Ethical behavior is legally governed rather volunteered by organizations
Corporate Organizations, in today’s cut- throat competition and globalized economy are forced to focus to improve their bottom line.Corporate governance or ethical practices are limited to a level which is mandatory as per laws.Genuine commitment to ethics is like a needle in haystack.
There are various elements to ethical behavior expected from the organizations Accounting transparency: Enron and Worldcom are glaring examples where ethics were compromised to maintain profitable image of the organization.
Accounting firm Arthur Anderson’s creative accounting and ulterior motives of management crippled investor’s confidence to the nadir, resulting in bankruptcy/ closure of all three organizations. Leading by example: As per data, US CEOs were paid 42 times the average worker’s pay in 1980, to 85 in 1990, and then skyrocketed to 531 times by 2000. Leadership teams of organizations are paid everything to show healthy growth in turnover and profits, for shareholder to be exited at stock markets.
No CEO is paid to exemplify ethical leadership at Wall Street. Child labor: Many corporate, primarily in apparel segment, overlook the extreme levels of child exploitation in third world countries. In absence of strict law or policy, child labor is another big area which is not effectively monitored and contained. Summary: Though state (U. S. Securities and Exchange Commission) try to put accounting and auditing system, Corporate Ethics remain an Oxymoron.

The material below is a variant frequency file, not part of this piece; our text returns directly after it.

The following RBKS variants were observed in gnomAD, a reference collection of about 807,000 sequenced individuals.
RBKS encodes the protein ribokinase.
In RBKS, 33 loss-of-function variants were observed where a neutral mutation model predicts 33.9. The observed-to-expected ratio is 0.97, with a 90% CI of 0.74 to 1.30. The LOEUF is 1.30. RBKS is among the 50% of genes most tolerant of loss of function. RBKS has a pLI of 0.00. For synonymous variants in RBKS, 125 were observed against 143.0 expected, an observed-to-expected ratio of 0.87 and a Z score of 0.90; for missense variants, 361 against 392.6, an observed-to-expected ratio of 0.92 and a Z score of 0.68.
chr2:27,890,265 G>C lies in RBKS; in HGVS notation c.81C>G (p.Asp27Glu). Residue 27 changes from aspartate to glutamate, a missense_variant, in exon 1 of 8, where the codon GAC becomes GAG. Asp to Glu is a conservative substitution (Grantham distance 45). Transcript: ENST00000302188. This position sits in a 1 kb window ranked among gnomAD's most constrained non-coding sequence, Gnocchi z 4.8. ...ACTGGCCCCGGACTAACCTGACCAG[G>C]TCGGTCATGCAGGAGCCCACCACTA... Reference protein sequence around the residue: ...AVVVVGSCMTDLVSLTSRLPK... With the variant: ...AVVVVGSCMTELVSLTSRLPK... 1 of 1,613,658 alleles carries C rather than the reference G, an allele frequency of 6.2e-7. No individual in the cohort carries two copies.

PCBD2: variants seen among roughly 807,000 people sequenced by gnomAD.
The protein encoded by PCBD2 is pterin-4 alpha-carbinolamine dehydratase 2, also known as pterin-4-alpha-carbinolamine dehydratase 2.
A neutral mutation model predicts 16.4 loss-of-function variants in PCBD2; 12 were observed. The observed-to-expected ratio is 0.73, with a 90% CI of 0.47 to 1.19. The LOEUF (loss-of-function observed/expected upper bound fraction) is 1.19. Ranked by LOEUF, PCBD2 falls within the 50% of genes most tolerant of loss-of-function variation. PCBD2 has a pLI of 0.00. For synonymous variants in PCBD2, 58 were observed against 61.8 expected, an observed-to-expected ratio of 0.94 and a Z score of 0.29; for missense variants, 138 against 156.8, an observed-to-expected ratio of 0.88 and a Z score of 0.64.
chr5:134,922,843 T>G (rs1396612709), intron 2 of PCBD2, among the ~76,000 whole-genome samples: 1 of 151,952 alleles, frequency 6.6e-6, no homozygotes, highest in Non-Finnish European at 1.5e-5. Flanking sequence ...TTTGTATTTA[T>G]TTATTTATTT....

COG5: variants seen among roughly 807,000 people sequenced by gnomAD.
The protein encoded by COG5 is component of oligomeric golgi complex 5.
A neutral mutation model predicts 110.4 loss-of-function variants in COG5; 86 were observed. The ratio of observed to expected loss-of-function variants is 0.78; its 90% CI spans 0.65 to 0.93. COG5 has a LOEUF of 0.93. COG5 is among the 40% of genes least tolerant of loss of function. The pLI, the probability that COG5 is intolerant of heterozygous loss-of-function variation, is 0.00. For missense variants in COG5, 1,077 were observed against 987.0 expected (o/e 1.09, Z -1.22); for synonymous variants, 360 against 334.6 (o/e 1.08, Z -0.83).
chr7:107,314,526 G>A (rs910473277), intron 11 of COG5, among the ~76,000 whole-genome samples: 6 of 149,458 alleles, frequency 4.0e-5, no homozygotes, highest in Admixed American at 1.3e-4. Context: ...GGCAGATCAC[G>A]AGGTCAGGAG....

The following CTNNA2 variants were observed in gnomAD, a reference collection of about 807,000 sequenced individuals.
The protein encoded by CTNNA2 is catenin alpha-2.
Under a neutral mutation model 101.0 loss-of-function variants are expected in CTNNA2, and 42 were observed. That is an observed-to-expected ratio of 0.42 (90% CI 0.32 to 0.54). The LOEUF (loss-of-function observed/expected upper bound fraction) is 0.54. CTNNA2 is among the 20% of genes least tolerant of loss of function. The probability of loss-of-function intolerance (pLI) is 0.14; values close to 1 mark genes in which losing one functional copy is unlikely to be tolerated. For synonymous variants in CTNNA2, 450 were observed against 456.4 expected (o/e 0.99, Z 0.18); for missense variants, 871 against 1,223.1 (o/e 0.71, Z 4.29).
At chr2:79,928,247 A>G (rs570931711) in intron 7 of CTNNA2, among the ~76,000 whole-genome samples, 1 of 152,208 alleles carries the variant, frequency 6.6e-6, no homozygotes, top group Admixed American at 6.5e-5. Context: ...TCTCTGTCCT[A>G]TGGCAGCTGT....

Ethics, like democracy, is a lot easier in theory than in practice. It would be imperative on regulatory bodies and responsible corporations to take lead in showing value in becoming ethical organization. Moreover, shareholders also should reward organization which exhibit transparency and good quality corporate governance. References: Munzig P G, “Enron and Economics of Corporate Governance” Stanford University, (June 2003), (http://www-econ. stanford.
edu/academics/honors_theses/theses_2003/Munzig. pdf) Holmstrom, Bengt and Steven N. Kaplan, “The State of US Corporate Governance: What’s right and What’s wrong? ” National Bureau of Economic Research: Working paper 9613, (2003) Jense, Michael and Kevin Murphy, 1990, “Performance Pay and Top Management Incentives”, Journal of Political Economy, (1990) September/October 1996 edition of At Work [email protected] com, byBerrett-Koehler Publishers. Jon Entine is a writer and Emmy